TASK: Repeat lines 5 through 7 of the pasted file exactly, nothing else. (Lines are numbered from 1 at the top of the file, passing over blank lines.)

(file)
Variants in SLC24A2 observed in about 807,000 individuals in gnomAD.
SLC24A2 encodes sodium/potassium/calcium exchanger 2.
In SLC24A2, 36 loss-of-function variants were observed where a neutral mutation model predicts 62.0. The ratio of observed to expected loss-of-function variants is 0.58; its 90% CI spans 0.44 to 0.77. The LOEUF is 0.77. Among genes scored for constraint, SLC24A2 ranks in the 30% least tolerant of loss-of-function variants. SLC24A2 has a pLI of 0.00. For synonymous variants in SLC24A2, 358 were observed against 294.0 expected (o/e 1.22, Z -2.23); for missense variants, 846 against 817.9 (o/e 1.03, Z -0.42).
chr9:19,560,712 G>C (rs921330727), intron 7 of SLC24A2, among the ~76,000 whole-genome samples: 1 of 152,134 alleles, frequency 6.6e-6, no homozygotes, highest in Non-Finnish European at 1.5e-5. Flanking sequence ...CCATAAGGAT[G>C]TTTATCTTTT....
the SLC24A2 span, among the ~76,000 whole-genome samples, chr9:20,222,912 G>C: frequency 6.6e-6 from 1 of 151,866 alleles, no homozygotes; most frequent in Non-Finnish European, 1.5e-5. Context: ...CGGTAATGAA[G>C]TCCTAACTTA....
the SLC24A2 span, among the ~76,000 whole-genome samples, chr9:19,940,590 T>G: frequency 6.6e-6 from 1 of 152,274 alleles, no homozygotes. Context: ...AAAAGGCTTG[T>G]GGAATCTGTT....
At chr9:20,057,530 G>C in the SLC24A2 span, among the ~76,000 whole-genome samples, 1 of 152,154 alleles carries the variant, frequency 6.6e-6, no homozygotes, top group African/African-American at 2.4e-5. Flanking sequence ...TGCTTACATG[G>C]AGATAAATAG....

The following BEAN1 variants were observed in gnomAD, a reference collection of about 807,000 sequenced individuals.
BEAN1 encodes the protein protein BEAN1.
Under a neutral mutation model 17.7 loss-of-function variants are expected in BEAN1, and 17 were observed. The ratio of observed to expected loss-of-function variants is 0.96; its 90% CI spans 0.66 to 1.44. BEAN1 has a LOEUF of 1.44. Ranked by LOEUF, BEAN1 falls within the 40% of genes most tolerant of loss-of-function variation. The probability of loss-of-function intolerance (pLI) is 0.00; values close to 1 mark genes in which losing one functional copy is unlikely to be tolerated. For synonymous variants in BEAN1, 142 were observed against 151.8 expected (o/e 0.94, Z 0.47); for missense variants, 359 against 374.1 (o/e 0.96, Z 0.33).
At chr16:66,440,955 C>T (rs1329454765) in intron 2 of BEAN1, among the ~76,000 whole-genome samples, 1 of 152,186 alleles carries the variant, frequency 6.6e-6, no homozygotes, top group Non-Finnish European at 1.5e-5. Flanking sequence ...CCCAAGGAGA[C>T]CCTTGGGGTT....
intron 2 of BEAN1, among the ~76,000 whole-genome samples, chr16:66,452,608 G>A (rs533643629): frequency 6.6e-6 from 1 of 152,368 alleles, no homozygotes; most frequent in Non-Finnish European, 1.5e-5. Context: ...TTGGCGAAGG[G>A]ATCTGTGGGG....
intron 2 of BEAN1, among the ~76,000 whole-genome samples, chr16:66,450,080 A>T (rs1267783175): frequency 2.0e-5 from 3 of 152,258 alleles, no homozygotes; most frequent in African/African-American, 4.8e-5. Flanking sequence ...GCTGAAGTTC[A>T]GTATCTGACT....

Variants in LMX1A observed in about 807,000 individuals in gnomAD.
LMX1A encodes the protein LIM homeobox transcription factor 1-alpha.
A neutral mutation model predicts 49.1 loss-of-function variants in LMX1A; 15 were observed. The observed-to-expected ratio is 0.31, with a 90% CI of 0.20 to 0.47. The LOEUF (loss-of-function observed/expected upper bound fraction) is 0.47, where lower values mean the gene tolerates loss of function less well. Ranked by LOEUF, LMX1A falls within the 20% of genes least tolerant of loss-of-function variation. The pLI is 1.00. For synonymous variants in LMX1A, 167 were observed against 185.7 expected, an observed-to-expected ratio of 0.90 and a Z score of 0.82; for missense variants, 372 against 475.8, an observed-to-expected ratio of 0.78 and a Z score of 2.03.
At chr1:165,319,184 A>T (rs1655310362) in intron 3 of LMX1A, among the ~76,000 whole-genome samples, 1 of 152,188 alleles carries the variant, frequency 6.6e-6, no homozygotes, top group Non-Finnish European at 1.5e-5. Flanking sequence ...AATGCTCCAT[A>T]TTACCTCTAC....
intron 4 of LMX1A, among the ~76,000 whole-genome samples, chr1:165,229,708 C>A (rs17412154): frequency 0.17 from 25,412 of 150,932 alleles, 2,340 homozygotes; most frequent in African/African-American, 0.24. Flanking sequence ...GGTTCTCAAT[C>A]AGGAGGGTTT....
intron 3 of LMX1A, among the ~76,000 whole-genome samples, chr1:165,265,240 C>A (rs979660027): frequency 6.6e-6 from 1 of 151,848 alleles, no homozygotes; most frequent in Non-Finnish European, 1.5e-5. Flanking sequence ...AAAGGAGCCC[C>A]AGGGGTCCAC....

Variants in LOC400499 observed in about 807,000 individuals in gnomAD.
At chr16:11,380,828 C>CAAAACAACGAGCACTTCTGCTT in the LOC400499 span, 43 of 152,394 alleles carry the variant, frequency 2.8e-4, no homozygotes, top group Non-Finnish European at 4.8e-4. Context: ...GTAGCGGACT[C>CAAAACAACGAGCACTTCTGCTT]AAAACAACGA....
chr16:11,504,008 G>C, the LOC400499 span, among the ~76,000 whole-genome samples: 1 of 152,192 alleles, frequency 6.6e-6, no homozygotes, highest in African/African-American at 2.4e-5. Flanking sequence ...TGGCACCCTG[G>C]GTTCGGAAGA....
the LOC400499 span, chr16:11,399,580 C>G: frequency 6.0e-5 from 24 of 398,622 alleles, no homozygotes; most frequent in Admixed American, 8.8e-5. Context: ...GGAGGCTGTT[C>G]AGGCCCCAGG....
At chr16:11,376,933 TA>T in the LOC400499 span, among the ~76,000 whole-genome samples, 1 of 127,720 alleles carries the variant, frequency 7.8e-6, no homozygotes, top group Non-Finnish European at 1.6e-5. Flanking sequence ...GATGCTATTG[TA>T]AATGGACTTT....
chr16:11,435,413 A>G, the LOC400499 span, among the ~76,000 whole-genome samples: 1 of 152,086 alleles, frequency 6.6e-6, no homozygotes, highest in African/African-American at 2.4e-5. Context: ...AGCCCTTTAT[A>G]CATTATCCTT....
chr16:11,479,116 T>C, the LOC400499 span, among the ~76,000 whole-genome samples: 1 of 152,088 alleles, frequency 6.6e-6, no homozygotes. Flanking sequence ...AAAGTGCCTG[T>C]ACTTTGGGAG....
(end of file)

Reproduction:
the SLC24A2 span, among the ~76,000 whole-genome samples, chr9:20,222,912 G>C: frequency 6.6e-6 from 1 of 151,866 alleles, no homozygotes; most frequent in Non-Finnish European, 1.5e-5. Context: ...CGGTAATGAA[G>C]TCCTAACTTA....
the SLC24A2 span, among the ~76,000 whole-genome samples, chr9:19,940,590 T>G: frequency 6.6e-6 from 1 of 152,274 alleles, no homozygotes. Context: ...AAAAGGCTTG[T>G]GGAATCTGTT....
At chr9:20,057,530 G>C in the SLC24A2 span, among the ~76,000 whole-genome samples, 1 of 152,154 alleles carries the variant, frequency 6.6e-6, no homozygotes, top group African/African-American at 2.4e-5. Flanking sequence ...TGCTTACATG[G>C]AGATAAATAG....